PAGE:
It’s easy to get caught up in all the excitement of picking a donor and getting her scheduled. Riding the emotional roller coaster of donor selection and the are we– or aren’t we– of reserving her and establishing the retrieval made it easy to forget about all the other details.
Over the last few weeks, we’ve addressed a variety of these details. We’ve made two separate payments to a national pharmacy for our donor’s medications. My husband and I both signed pages and pages of documents assuring that we understand the process (yep–been here, done this), consenting to the transfer (obviously), and acknowledging the many possible negative outcomes of IVF treatments (sure–damage, maiming, death). We also signed a second set of documents authorizing genetic testing of the embryos (and, again, acknowledging the limitations and possible negative effects of such testing). We also signed yet more documents agreeing to the use of donor eggs (this time notarized and mailed), and I signed a financial agreement outlining the very many charges and fees of the process.
Even after all of the agreeing, consenting, and acknowledging, today was another detail day.
I started the morning with a call to our clinic’s business office for billing information. I knew that full payment would be expected prior to our donor beginning her stimulation medications (which should be very soon) and that failure to pay in time would result in a cancelled cycle. Since I hadn’t received a statement (because of all the signing, I had been checking my email frequently), I called. The woman in the business office said they had sent the billing information through the portal on July 26. Somehow, I’d missed it (but I never did see the email notification about the message). She emailed me the information again.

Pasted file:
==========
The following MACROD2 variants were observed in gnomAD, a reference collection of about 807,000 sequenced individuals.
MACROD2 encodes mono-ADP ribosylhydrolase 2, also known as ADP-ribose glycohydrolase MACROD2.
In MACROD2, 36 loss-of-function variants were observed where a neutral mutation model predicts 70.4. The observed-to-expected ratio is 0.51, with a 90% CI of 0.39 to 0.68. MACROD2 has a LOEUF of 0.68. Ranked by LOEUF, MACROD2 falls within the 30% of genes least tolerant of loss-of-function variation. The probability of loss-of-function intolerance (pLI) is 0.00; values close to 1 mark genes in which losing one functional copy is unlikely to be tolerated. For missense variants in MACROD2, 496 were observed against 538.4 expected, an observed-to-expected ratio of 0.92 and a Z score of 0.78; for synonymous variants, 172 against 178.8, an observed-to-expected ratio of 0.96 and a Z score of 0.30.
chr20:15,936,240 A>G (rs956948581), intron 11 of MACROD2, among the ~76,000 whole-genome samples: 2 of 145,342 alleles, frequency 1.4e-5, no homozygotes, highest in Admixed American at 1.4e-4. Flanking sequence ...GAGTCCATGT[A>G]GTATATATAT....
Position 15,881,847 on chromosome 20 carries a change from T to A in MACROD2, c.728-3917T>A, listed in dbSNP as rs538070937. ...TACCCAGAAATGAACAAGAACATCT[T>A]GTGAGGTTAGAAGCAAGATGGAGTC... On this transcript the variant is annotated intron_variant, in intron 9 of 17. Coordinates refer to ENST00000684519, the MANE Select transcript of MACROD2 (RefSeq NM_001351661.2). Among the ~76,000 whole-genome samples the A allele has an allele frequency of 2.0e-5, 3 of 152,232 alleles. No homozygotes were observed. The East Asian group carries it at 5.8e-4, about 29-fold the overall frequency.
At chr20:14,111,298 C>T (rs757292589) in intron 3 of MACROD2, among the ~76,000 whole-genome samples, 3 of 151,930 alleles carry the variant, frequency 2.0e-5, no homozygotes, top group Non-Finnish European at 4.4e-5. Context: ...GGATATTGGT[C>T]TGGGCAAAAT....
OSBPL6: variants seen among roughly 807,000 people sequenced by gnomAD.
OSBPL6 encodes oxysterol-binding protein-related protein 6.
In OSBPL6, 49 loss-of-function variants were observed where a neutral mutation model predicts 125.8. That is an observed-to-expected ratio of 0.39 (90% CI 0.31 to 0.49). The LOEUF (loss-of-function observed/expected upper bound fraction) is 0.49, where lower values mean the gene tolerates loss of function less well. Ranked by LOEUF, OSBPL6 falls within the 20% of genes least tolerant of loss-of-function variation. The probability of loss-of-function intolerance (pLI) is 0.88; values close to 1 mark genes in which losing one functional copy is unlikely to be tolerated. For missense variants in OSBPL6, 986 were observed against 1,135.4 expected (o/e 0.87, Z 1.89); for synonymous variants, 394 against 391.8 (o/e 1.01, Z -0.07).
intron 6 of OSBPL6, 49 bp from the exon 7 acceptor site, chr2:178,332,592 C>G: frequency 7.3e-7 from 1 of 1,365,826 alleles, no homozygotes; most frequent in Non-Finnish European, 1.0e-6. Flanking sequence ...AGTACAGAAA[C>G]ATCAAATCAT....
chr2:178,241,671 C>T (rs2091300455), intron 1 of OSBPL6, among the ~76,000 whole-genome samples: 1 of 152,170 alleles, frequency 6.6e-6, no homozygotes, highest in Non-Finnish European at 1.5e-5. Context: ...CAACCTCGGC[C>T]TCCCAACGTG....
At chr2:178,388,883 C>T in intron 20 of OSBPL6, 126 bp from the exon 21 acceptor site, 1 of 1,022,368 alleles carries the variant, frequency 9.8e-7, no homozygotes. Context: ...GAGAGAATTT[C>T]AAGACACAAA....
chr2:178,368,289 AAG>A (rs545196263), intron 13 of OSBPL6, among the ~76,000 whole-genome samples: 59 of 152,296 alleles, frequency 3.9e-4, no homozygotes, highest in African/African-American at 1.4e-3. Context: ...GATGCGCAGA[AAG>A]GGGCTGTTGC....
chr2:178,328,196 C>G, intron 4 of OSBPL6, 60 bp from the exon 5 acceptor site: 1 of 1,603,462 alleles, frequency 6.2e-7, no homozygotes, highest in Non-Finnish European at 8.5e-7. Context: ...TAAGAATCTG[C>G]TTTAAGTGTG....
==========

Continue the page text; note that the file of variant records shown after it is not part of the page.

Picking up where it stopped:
The original statement was sent 7/26. The payment is due 8/3. If paying by check, the check must be mailed a week before it’s due (which was 7/27—really, clinic? one day to get this in the mail, really?) or overnighted. This resulted in a frantic transfer of money from one bank account to another, the writing of two hyper-ventilation-inducing checks, and an emergency, hour-long trip (one way) to town to overnight the payment (to the tune of another almost $25).
I also sent a message to our nurse to determine the tests I needed before our transfer as it has nearly been a year since the last tests. In August I’ll have to “re-up” my pap and physical and in September, my TSH, T4, and antibody screening. When I come up for the transfer, I’ll also have to have the entire battery of “communicables” (STDs) tests run, again so will my husband when he goes up at the retrieval. (Note: none of this is included in the package cost of the donor cycle.)
I followed up that message with a call to my local doctor to schedule the pap and physical appointment for late August (for my insurance to cover the exam and accompanying labs, the last test has to be at least a year old). I also asked our nurse to send the physical form (again–this is physical number three? four?). While, in theory, any general practitioner should know how to do a physical, the first time I had one done for our clinic, the doctor didn’t write good enough notes about all required areas, so I had to pay for a second physical with a different doctor.
I also got a better timeline from our nurse. We can draw up my transfer calendar on the first cycle day 1 after the embryos are sent for testing (which should be early September).
Remember, the eggs will be retrieved and fertilized sometime around August 16-22. Five to six days later, the embryos will have reached the blastocyst stage, and DNA will be extracted for testing and the embryos frozen. Testing can take up to several weeks.
Starting the calendar in September could cut several weeks from the timeline, with our transfer happening perhaps as early as October (instead of November-December). So while I run myself crazy trying to keep up with all details, our timeline grows shorter.